The biological action of saponins in animal systems: a review

Br J Nutr. 2002 Dec;88(6):587-605. doi: 10.1079/BJN2002725.


Saponins are steroid or triterpenoid glycosides, common in a large number of plants and plant products that are important in human and animal nutrition. Several biological effects have been ascribed to saponins. Extensive research has been carried out into the membrane-permeabilising, immunostimulant, hypocholesterolaemic and anticarcinogenic properties of saponins and they have also been found to significantly affect growth, feed intake and reproduction in animals. These structurally diverse compounds have also been observed to kill protozoans and molluscs, to be antioxidants, to impair the digestion of protein and the uptake of vitamins and minerals in the gut, to cause hypoglycaemia, and to act as antifungal and antiviral agents. These compounds can thus affect animals in a host of different ways both positive and negative.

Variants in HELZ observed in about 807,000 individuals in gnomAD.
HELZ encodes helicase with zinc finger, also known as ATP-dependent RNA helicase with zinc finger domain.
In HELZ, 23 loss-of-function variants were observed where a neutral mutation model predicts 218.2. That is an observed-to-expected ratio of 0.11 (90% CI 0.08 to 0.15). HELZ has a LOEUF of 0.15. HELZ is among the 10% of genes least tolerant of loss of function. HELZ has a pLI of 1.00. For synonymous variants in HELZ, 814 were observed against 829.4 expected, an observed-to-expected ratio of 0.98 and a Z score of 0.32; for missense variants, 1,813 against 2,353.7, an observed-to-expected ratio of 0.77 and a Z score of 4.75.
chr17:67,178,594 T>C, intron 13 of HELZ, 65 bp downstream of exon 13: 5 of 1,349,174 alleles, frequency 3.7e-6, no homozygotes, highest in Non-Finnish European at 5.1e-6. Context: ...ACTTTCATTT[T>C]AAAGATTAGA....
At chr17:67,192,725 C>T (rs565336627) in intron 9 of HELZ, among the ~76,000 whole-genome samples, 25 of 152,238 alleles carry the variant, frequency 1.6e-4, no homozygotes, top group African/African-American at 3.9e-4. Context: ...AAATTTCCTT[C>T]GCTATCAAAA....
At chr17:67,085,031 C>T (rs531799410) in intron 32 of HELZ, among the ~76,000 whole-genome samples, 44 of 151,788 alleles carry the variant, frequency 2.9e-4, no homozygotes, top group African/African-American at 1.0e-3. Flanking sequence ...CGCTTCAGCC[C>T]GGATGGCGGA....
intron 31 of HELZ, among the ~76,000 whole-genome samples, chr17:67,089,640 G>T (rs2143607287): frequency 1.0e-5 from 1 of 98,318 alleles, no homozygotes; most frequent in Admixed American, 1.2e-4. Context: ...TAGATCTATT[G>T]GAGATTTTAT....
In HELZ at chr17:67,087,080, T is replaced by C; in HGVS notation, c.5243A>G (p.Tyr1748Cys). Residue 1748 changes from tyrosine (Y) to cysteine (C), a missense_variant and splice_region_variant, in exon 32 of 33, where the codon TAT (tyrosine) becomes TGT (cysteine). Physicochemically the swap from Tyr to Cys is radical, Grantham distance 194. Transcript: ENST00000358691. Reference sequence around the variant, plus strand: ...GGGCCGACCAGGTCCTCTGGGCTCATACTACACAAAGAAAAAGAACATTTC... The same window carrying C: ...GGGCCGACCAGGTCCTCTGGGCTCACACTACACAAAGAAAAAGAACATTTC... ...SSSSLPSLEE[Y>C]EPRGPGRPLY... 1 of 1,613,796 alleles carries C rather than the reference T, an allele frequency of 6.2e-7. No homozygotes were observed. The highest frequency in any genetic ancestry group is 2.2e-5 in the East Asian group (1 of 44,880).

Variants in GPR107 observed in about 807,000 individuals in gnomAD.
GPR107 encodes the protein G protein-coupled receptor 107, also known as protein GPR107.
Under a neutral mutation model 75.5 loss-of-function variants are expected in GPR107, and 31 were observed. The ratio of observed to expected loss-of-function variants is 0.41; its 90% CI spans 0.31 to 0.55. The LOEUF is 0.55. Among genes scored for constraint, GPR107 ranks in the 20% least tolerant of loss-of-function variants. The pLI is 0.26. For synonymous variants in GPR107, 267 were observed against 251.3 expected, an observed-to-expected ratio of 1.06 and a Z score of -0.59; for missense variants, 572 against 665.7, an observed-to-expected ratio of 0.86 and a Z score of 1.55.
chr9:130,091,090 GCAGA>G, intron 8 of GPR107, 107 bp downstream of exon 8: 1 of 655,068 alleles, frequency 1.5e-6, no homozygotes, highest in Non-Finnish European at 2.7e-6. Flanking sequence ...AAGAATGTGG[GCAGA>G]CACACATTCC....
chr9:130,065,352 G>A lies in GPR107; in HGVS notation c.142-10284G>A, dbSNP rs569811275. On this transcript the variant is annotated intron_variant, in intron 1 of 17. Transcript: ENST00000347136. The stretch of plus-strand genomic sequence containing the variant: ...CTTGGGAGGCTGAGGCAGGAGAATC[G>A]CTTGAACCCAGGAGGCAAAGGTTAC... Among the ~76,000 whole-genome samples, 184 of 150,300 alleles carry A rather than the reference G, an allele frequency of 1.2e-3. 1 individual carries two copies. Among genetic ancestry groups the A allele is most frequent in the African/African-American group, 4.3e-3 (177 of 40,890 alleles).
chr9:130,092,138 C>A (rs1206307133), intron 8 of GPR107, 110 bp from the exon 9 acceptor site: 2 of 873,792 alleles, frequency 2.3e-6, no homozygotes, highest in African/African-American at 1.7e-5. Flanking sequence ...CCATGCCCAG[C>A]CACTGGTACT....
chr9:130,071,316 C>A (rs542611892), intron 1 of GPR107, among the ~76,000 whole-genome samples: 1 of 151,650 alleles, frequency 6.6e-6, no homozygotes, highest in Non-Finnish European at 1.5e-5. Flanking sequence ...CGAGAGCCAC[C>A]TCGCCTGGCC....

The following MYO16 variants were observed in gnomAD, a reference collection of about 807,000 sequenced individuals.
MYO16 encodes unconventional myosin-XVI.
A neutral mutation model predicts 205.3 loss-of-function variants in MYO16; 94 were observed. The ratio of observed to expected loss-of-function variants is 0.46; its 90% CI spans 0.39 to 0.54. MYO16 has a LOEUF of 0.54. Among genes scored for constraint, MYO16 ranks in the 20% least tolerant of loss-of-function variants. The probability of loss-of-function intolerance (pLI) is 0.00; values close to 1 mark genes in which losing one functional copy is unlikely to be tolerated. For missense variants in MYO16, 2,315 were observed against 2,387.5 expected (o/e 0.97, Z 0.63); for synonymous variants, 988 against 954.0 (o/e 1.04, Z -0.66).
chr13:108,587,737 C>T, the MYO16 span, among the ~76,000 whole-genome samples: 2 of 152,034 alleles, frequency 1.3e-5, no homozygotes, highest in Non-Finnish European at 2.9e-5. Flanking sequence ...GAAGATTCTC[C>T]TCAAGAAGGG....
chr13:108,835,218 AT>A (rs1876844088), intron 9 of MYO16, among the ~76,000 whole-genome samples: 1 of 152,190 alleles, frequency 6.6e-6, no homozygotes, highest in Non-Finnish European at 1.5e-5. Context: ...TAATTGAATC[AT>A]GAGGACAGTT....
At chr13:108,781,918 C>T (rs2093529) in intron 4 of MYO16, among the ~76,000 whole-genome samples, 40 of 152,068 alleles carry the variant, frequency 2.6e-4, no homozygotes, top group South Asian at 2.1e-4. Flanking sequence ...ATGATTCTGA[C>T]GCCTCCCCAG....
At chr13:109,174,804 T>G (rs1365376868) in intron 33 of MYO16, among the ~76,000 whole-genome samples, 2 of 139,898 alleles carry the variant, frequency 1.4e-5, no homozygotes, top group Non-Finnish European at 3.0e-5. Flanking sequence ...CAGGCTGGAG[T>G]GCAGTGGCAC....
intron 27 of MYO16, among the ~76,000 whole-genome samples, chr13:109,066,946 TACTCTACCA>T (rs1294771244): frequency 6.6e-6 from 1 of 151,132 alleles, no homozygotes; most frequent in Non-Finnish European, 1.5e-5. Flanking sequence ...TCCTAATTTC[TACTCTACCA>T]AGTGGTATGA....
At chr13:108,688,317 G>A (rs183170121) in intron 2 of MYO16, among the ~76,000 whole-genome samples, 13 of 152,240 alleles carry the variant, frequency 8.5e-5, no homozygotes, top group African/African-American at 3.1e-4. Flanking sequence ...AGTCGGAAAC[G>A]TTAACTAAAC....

Publication types

  • Review

MeSH terms

  • Animals
  • Antimetabolites
  • Blood Glucose / metabolism
  • Cell Division / drug effects
  • Cell Membrane / drug effects
  • Cell Membrane / metabolism
  • Cell Membrane Permeability / drug effects
  • Cholesterol / metabolism
  • Dietary Proteins / metabolism
  • Digestion / drug effects
  • Energy Intake / drug effects
  • Glucocorticoids
  • Growth / drug effects
  • Humans
  • Immune System / drug effects
  • Neoplasms / pathology
  • Nervous System / drug effects
  • Reproduction / drug effects
  • Saponins / isolation & purification
  • Saponins / metabolism
  • Saponins / pharmacology*


  • Antimetabolites
  • Blood Glucose
  • Dietary Proteins
  • Glucocorticoids
  • Saponins
  • Cholesterol